In 2011, Mark Anderson co-founded SandWorld in Lodmore Park. It’s a unique gallery filled with sand sculptures by a variety of artists. Especially popular with families and young kids, SandWorld is a very cute day out.
39. Soak Up the Smuggling History at Moonfleet Manor
I’ve already mentioned The fleet in Weymouth and it’s fascinating smuggling connections. Well, if you really want the full experience you need to explore Moonfleet Manor hotel. This Georgian manor lends its name to Faulkner’s classic novel Moonfleet, and was owned by the Mohune family immortalised in the swashbuckling story. The story in the book might be fiction, but the village, the family, and the tales of smuggling along The Fleet are very real.
Today, Moonfleet Manor is a luxury hotel known for its quirky colonial decor and gorgeous coastal views. Book in a stay, or simply stop by for a lavish afternoon tea and a nosy around the historic property.
40. Take a Day Trip to Abbotsbury
I’ve already mentioned the Abbotsbury Swannery above, but this beautiful village is close enough to Weymouth to be the perfect day out. So it definitely deserves a mention in its own right. Surrounded by picturesque countryside and filled with pretty stone buildings, Abbotsbury is a textbook “English countryside village” and makes a gorgeous day trip. It’s even possible to walk there from Weymouth along the Jurassic Coastal Path.
According to my friend Ruth, the Abbey House tea rooms in Abbotsbury are the best in the local area. Their cream teas are lush, and apparently you must not miss their pudding “the pigs delight”. There are also plenty of other tearooms and pubs to choose from, as well as several galleries and studios to explore in the village.
41. Step Back in Time at the Tudor House
For such a small town, there’s a surprising amount of history to discover in Weymouth. One of my favourites is Tudor House, a small merchant’s property near the harbour. Lovingly restored, the museum is furnished as a 17th century home. This is a great way to learn more about the history of Weymouth, and to get a glimpse of what life was like in Tudor times.
42. Catch the Views from the Jurassic Skyline Tower
Still a relatively new addition to the seafront, the Jurassic Skyline Tower is often listed among the best things to do in Weymouth. The 53 metre high observation tower stands on the pier overlooking Weymouth Beach, and rotates a full 360 degrees. That means you’ll get some incredible views of the nearby coastline. Apparently, on a clear day you can see all the way to Durdle Door!
UPDATE 2020: Unfortunately, the Skyline Tower has now closed. I’ll find something else awesome to add in its place, so watch this space!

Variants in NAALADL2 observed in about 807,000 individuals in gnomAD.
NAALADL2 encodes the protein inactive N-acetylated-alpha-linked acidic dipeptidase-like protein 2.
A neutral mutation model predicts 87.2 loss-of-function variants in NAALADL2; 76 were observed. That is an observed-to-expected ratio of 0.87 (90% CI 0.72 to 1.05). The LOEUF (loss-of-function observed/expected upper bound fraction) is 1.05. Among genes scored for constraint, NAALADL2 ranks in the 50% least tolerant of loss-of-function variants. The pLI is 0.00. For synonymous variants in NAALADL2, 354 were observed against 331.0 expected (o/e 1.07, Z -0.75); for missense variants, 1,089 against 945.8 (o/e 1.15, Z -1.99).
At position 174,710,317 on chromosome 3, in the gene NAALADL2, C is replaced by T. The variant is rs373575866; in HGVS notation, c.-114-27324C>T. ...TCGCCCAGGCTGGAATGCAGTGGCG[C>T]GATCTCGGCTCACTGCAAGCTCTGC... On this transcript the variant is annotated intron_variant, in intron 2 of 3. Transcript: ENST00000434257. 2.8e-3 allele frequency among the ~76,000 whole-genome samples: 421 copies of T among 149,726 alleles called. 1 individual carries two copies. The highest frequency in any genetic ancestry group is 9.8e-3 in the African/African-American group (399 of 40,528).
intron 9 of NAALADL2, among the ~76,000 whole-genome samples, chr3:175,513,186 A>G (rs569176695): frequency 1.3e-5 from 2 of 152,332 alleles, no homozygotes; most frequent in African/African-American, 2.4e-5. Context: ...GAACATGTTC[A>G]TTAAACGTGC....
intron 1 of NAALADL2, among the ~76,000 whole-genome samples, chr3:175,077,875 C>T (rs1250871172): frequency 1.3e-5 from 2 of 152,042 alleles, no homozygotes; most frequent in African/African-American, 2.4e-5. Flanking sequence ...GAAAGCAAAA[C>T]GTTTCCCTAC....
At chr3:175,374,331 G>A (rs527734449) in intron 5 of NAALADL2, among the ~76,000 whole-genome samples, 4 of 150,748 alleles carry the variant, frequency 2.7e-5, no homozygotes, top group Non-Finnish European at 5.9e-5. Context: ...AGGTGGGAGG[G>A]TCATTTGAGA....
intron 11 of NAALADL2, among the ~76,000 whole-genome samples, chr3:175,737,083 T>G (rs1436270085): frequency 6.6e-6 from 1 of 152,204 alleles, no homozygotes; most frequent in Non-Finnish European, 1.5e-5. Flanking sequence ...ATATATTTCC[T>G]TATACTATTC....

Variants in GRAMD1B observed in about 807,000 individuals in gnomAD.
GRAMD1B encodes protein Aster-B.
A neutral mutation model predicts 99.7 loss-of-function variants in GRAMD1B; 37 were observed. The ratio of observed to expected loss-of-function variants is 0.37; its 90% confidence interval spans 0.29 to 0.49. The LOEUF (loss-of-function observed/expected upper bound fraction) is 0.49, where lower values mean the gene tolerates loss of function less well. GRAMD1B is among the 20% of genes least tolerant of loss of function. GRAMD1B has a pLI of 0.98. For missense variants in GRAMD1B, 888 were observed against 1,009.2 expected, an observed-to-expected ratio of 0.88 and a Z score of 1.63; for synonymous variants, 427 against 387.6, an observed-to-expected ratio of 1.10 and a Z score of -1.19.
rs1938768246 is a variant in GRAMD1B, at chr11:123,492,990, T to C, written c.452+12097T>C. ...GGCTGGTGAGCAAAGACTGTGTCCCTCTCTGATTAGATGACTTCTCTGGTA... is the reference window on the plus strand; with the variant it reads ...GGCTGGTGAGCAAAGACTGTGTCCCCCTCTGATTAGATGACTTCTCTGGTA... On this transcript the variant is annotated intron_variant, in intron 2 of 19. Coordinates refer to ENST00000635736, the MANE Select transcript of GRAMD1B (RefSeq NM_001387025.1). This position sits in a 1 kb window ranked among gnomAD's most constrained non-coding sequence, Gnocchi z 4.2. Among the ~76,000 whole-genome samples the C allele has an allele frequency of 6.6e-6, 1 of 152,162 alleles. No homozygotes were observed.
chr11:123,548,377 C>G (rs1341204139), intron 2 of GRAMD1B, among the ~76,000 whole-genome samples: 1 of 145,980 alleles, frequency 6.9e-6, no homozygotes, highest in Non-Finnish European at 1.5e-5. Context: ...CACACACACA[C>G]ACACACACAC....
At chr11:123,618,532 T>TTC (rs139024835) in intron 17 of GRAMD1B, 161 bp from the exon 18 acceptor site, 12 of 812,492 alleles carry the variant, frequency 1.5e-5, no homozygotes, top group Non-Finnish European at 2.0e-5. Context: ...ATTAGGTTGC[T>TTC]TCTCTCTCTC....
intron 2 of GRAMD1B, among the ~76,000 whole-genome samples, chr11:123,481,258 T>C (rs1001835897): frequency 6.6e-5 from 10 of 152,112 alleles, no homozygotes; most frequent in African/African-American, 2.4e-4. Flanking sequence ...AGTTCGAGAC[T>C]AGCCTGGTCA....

43. Rent a Georgian Seaman’s Cottage
If you’re looking for a unique place to stay in Weymouth, head to AirBnb for a chance to rent a historic local property. My favourite find is this Georgian Seaman’s Cottage on the Isle of Portland. A big stone house with lovely sea views and some original features? Sounds like the perfect place to stay to me!
Oh – and if you use my AirBnb link to sign up you can get £25 off your first booking. You’re welcome!
There are tons of great festivals and events on in Weymouth. From village fetes and seaside carnivals to music and foodie festivals, there’s so much on offer. Get the full line up of festivals and events here to help plan your next trip to Weymouth!
44. Catch the Weymouth Carnival
There’s surely nothing more British than a summer carnival. So many towns across the country have one; chintzy retro affairs with bunting and street parades that celebrate all the most quintessentially British things. Like carrying on with summer events no matter what the weather does!
In Weymouth, our carnival takes place on the third Wednesday of August and it’s beloved by both locals and tourists. With a funfair on the seafront, fireworks at night, and a procession featuring the annual Carnival Queen, there’s a lot going on. But the highlight is the spectacular show from the RAF Red Arrows – one of my favourite British institutions!
2020 dates: Sadly, there was no carnival in 2019 due to lack of funds. However, I’m hopeful that this might change in time for a 2020 carnival. Keep an eye on the website for more details.
45. Nyetimber Dorset Seafood Festival
Weymouth began life as a fishing town, and we still have some incredible seafood – as well as excellent local produce! The annual Dorset Seafood Festival is one of my highlights of the summer. I mean, what’s not to love about a festival with that name?!